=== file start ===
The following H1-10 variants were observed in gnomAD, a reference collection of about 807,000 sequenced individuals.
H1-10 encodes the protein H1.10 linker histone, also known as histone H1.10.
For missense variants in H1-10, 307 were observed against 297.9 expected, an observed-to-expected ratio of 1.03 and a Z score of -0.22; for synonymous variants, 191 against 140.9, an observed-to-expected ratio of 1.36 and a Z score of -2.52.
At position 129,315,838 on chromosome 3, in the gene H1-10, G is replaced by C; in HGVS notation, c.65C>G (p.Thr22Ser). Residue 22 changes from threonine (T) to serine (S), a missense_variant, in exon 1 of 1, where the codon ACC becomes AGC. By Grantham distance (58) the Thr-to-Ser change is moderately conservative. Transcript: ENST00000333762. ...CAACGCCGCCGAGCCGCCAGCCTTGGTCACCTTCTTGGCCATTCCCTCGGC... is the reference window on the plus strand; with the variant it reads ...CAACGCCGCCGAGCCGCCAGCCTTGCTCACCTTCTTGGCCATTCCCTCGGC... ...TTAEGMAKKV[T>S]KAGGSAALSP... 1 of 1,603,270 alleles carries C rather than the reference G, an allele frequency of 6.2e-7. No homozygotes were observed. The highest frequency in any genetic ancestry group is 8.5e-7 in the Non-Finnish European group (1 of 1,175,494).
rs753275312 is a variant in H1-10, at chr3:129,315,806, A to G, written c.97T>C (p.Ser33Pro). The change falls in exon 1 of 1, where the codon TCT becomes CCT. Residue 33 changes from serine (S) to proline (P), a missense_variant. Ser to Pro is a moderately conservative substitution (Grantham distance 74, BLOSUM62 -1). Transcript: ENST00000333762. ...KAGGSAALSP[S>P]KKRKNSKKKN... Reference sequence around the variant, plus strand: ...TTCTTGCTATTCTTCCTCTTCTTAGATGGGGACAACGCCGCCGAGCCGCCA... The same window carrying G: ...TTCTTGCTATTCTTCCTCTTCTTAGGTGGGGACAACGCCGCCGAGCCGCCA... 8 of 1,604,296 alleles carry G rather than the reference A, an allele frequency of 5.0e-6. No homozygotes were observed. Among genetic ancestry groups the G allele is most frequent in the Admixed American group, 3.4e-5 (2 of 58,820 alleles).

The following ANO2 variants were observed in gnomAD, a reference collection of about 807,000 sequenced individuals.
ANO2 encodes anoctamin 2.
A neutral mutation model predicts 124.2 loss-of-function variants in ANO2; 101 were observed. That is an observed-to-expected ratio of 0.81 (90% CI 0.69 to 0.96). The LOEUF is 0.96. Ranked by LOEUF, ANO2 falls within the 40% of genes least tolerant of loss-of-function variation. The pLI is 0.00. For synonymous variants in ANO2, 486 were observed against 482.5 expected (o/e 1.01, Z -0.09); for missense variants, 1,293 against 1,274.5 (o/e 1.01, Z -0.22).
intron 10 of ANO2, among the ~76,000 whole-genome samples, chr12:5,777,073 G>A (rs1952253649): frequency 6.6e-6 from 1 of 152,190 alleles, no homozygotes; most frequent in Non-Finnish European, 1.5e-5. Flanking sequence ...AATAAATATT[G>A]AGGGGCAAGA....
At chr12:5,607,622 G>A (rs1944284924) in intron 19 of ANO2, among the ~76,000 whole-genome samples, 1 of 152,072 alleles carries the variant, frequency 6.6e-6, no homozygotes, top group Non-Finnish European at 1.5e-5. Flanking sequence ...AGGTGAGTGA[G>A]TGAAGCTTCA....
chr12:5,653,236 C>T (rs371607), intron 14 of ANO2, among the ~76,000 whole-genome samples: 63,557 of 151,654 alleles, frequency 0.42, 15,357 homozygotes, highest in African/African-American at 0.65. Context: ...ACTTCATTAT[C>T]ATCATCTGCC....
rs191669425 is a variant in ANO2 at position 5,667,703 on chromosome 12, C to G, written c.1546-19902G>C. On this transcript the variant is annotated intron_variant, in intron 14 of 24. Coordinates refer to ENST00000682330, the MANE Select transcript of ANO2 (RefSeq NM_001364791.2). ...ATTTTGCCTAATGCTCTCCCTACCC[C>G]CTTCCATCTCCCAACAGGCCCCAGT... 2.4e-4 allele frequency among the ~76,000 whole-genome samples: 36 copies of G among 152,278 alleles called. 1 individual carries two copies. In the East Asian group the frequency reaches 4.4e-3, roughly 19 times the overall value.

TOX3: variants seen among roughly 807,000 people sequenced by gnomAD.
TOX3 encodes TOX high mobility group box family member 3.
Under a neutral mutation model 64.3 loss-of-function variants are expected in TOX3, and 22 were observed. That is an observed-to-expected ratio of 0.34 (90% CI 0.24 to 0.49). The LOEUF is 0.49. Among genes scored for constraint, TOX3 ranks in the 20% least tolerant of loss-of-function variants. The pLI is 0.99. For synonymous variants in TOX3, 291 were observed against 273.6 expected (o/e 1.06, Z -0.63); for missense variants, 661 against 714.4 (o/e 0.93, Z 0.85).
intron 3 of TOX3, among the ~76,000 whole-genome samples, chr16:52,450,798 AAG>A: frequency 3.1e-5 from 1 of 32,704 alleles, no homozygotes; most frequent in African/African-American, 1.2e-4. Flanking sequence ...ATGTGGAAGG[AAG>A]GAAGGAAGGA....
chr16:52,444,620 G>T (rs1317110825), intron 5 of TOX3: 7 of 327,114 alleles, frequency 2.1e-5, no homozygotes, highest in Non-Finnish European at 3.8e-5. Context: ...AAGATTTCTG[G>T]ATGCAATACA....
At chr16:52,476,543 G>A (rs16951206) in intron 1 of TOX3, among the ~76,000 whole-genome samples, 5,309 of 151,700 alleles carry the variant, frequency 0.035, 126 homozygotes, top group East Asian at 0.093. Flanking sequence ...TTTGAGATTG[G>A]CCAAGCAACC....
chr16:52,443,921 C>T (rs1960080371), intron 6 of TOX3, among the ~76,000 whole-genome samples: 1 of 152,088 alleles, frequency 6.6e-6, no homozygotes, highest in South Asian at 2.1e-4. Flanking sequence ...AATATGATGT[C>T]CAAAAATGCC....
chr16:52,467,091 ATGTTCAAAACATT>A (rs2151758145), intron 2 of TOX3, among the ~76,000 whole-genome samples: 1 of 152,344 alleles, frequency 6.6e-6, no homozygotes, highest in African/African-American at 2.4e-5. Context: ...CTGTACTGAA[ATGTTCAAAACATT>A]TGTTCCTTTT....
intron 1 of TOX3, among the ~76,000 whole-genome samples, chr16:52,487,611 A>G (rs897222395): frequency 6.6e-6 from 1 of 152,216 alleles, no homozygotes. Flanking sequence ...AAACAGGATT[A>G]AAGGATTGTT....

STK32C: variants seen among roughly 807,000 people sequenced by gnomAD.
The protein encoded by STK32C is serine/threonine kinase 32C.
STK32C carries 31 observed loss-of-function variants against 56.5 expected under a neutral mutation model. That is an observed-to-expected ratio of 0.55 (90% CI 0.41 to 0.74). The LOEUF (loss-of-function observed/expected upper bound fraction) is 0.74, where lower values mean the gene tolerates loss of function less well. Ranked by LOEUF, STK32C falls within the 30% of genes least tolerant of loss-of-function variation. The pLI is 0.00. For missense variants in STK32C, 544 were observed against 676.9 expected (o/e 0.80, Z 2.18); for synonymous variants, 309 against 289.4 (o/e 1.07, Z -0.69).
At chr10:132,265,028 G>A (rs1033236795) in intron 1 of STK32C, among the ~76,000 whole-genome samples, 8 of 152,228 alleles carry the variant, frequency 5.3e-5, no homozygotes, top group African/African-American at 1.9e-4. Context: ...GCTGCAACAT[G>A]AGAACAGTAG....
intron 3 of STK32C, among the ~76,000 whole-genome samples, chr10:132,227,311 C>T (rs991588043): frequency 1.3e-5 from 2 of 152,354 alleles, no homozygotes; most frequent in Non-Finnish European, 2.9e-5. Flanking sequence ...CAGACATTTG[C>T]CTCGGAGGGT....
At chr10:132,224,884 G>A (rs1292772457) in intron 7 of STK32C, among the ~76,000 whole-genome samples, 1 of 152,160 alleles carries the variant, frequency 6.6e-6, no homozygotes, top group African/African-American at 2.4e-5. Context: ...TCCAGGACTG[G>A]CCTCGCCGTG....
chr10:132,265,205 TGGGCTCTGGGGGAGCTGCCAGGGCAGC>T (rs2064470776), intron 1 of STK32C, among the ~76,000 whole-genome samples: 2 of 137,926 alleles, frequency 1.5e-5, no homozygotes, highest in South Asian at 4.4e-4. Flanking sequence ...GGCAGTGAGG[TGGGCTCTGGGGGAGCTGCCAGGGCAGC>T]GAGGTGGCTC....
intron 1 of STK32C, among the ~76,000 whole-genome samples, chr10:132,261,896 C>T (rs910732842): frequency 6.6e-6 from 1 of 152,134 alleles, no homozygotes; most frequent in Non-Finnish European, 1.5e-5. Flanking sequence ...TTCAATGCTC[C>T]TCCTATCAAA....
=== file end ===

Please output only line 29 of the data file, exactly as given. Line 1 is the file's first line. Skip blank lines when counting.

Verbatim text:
intron 1 of STK32C, among the ~76,000 whole-genome samples, chr10:132,261,896 C>T (rs910732842): frequency 6.6e-6 from 1 of 152,134 alleles, no homozygotes; most frequent in Non-Finnish European, 1.5e-5. Flanking sequence ...TTCAATGCTC[C>T]TCCTATCAAA....